School safety at a glance
The UFT affirms its continuous and collective concern for making sure New York City schools are safe, respectful and affirming of all students and communities. We all share responsibility to improve, reimagine, communicate and cooperate to ensure the NYPD Division of School Safety has a positive impact on school communities.
- Unlike cities such as Minneapolis, School Safety Agents in NYC public schools:
- Are members of the United Federation of Teachers and the Teamsters Local 237.
- Don’t carry guns/weapons or use body cameras.
- Participate in professional training that is specific to their work in city public schools.
- Often live in the communities they serve and resemble community members.
- Form personal relationships with students and staff, important in preventing and managing conflict.
- Do not report directly to a police precinct but instead report to a division of the NYPD devoted to school safety.
- Initiatives that have improved the positive impact school safety has on school communities include:
- The Mayor’s Leadership Team on School Climate and Discipline that, among other things, seeks to address problems of systemic racism and correct unfair practices in the criminal justice system in schools. The UFT is among the groups involved.
- Training on conflict resolution, implicit bias training, de-escalation and Positive Behavioral Interventions and Support training and arrest diversion, which has led to decreases in students being handcuffed and arrested in schools.
- Planning and training to address problems of systemic racism and unfair disciplinary practices in schools (e.g. student removal, suspension and arrest data).
- The UFT supports working with others to determine future conversations and actions that may include, among others:
- Continuing to explore ways that School Safety Agents, although members of the NYPD Division of School Safety, embody their unique role as Peace and Safety Officers apart from the NYPD in supporting staff and students in building positive communities.
- Improving and increasing time, training and resources for all school community stakeholders (e.g. parents, students, educators, administration and School Safety Agents) in areas including interpersonal communication, conflict resolution, informal counseling, implicit-bias training, de-escalation and culturally relevant pedagogy.
- Creating opportunities for discussion with all school community stakeholders (e.g. families, UFT, Teamsters Local 237, NYPD) on the ideal roles and responsibilities of School Safety Agents.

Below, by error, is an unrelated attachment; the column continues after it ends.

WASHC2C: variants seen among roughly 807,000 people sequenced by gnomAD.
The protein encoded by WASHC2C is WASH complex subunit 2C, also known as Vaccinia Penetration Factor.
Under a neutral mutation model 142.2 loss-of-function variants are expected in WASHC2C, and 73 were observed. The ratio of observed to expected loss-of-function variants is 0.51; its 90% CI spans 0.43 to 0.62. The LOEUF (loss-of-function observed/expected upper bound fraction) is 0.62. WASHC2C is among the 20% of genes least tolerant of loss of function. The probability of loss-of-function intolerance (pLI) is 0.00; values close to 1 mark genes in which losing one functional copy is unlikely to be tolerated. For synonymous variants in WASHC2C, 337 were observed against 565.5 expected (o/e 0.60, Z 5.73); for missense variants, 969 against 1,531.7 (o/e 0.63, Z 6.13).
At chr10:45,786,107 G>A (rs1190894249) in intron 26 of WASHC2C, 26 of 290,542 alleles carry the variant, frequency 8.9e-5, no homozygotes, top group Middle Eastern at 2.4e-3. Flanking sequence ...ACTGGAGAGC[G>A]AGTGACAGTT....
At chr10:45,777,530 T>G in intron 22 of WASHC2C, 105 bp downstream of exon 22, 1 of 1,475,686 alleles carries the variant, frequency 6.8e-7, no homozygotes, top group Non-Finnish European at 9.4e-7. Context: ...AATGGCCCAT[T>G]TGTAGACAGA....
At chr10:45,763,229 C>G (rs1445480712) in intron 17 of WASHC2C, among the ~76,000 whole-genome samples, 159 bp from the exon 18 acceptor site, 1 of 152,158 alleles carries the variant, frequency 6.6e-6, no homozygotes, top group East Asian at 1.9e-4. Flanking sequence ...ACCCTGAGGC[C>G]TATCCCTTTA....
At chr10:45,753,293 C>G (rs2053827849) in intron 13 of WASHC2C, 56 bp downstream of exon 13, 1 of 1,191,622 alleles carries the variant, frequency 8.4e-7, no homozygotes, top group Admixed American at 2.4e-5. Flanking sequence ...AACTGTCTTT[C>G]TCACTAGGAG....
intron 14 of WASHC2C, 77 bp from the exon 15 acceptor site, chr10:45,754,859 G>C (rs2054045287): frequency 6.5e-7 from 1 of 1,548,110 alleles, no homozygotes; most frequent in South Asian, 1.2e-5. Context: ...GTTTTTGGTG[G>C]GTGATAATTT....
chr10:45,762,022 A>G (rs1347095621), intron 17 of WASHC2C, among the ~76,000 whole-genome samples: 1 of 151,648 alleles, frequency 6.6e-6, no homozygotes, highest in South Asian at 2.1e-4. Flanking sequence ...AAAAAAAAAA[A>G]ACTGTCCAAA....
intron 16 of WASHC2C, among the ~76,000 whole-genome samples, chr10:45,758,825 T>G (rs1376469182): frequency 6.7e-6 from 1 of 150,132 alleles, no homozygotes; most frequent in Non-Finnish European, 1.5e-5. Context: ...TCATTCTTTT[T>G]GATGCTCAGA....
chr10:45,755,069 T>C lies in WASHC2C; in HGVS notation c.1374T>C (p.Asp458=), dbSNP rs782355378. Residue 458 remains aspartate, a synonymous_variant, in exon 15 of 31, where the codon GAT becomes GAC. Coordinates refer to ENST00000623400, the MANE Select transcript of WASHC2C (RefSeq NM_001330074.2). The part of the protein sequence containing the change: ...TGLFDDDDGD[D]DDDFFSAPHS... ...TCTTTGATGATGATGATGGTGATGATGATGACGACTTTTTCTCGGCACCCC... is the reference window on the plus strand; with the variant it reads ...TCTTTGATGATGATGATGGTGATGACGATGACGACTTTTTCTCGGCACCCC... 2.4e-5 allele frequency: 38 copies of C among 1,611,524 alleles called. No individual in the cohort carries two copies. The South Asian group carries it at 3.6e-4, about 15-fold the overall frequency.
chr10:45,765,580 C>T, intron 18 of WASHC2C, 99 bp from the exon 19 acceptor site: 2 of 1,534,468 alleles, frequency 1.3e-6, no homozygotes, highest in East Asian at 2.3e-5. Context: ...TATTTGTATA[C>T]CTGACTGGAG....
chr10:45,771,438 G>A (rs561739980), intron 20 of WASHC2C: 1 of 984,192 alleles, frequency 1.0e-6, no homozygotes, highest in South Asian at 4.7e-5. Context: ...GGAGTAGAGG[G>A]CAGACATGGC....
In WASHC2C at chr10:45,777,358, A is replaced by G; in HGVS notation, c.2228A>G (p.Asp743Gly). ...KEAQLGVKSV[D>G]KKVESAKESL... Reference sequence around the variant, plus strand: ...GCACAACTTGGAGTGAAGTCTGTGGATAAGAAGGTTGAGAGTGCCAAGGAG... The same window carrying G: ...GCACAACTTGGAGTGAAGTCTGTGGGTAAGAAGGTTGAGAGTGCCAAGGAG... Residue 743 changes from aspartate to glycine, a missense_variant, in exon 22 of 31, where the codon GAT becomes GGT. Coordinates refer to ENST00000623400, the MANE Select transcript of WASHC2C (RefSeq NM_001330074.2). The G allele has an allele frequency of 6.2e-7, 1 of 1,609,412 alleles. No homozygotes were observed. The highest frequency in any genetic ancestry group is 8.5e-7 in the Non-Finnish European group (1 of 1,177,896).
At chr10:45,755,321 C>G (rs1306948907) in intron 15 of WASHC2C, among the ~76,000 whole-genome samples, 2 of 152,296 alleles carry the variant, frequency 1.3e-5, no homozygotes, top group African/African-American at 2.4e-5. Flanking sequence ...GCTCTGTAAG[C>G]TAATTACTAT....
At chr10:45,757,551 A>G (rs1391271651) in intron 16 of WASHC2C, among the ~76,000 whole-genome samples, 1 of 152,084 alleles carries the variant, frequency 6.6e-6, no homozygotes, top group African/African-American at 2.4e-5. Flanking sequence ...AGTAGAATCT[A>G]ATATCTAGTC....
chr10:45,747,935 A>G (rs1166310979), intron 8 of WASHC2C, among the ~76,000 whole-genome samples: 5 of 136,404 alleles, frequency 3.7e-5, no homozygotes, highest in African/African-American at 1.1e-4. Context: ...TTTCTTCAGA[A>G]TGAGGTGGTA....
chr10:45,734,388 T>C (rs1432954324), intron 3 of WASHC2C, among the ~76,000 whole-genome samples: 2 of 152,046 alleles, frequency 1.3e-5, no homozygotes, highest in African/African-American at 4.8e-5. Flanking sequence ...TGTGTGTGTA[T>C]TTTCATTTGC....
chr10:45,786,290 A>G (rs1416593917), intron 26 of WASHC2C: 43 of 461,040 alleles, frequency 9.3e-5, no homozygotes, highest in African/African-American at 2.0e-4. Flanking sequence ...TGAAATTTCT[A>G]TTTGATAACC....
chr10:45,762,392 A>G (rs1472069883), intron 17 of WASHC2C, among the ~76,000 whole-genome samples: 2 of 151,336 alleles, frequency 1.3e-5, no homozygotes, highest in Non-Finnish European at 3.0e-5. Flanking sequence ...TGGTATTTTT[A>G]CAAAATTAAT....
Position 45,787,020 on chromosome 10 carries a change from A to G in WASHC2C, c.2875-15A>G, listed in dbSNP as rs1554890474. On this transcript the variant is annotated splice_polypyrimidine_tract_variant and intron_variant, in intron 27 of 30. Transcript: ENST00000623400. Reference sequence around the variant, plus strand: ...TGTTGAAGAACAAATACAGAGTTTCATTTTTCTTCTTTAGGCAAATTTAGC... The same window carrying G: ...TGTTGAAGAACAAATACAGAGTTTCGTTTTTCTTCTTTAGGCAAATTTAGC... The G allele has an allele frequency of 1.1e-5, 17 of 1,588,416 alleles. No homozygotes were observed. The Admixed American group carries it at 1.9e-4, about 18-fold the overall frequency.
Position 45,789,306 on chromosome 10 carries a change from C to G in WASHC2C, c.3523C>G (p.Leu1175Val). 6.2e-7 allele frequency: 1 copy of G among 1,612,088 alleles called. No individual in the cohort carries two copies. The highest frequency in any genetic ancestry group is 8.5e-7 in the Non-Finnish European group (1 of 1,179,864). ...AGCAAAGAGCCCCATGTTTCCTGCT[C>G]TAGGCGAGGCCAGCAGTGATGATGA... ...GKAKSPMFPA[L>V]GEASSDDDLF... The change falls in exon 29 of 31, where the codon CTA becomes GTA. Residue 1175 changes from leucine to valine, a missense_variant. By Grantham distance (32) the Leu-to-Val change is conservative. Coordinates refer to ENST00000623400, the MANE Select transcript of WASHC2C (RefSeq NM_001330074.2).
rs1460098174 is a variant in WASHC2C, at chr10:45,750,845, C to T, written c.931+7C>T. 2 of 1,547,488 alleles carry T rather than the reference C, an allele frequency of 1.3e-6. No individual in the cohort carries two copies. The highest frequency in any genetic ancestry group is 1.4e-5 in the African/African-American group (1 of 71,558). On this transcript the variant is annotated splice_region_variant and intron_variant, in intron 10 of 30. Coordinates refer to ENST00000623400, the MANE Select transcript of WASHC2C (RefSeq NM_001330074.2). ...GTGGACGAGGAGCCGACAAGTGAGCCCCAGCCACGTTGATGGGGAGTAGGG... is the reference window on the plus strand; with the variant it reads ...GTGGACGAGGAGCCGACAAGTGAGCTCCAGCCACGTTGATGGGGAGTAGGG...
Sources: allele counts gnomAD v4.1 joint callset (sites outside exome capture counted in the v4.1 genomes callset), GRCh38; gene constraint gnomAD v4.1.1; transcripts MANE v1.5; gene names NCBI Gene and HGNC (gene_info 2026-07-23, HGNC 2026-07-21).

- Continuing and improving participation in monthly consultation meetings with the NYPD School Safety division and the Mayor's Office of Criminal Justice.
- Further clarifying and communicating the roles all members of a school community can play to create positive environments in conjunction with School Safety Agents and others.
- Continuing to build opportunities for School Safety Agents, students and other school staff to positively interact with, understand and appreciate one another.
- Continuing and improving channels of communication and resolution in instances where in-school issues arise involving the NYPD Division of School Safety.
- Continuing and improving transparency and the sharing of data pertaining to student interactions with School Safety Agents.
- Continuing to create opportunities for conversations and actions about how everyone can address problems of systemic racism, violence and the need for trust in schools and society at large.
Continuing to sponsor conversations and actions to ensure students see "peace officers" in schools as supportive members of the community rather than agents of law enforcement, without compromising the integrity of school safety officers.
Discussing with staff and students the limitations and guidelines of NYPD officers (in addition to ICE and other law enforcement agencies) entering school buildings, as defined in the 2019 Memorandum of Understanding.
Surveying and holding conversations with school communities annually on how safety is handled and can be improved. Using the annual safety town halls, required in the Chancellor's Regulations, as a forum for these discussions.
Discussing the processes in place to limit or revise the use of scanning in schools with staff, parents and, when appropriate, students. The vehicle for this work is the School Leadership Team.
Advocating for increased investment in social services, community and youth development.